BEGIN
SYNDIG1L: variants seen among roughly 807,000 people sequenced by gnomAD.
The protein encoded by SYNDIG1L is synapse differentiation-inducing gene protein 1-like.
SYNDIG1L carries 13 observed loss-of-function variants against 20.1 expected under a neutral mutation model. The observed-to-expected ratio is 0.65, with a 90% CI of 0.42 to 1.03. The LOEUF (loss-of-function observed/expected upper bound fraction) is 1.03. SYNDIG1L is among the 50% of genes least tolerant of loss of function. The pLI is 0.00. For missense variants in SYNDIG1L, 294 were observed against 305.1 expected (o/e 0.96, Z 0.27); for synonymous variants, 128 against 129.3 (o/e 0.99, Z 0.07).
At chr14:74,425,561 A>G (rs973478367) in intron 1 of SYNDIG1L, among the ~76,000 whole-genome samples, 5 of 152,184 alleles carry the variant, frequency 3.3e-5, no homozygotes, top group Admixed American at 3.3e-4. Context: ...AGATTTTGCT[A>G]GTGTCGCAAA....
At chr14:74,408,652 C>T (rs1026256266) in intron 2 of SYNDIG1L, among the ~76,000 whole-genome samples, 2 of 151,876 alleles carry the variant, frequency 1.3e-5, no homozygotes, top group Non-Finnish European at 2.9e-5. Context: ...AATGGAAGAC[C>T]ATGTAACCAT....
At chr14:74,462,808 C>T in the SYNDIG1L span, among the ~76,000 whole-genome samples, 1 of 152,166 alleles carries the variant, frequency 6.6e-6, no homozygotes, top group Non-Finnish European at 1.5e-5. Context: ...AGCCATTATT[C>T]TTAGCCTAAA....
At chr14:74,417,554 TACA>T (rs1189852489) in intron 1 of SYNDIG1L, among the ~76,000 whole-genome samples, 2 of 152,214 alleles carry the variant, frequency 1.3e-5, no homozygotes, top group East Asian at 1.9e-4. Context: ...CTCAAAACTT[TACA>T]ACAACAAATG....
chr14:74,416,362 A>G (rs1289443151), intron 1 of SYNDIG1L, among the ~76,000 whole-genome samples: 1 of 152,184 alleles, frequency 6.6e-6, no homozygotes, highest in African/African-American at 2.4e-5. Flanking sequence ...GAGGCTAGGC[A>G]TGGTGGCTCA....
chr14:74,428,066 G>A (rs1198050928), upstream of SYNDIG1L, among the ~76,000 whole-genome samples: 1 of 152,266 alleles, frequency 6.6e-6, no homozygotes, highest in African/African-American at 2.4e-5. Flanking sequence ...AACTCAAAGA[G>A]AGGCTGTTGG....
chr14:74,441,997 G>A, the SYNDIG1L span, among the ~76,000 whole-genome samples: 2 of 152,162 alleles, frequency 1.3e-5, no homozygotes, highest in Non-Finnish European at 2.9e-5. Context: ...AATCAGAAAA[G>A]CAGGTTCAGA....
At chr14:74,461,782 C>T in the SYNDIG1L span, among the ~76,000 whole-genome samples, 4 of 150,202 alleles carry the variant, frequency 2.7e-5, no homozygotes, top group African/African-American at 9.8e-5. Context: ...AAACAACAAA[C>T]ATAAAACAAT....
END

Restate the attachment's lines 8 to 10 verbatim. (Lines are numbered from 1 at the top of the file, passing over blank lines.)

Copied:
chr14:74,416,362 A>G (rs1289443151), intron 1 of SYNDIG1L, among the ~76,000 whole-genome samples: 1 of 152,184 alleles, frequency 6.6e-6, no homozygotes, highest in African/African-American at 2.4e-5. Flanking sequence ...GAGGCTAGGC[A>G]TGGTGGCTCA....
chr14:74,428,066 G>A (rs1198050928), upstream of SYNDIG1L, among the ~76,000 whole-genome samples: 1 of 152,266 alleles, frequency 6.6e-6, no homozygotes, highest in African/African-American at 2.4e-5. Flanking sequence ...AACTCAAAGA[G>A]AGGCTGTTGG....
chr14:74,441,997 G>A, the SYNDIG1L span, among the ~76,000 whole-genome samples: 2 of 152,162 alleles, frequency 1.3e-5, no homozygotes, highest in Non-Finnish European at 2.9e-5. Context: ...AATCAGAAAA[G>A]CAGGTTCAGA....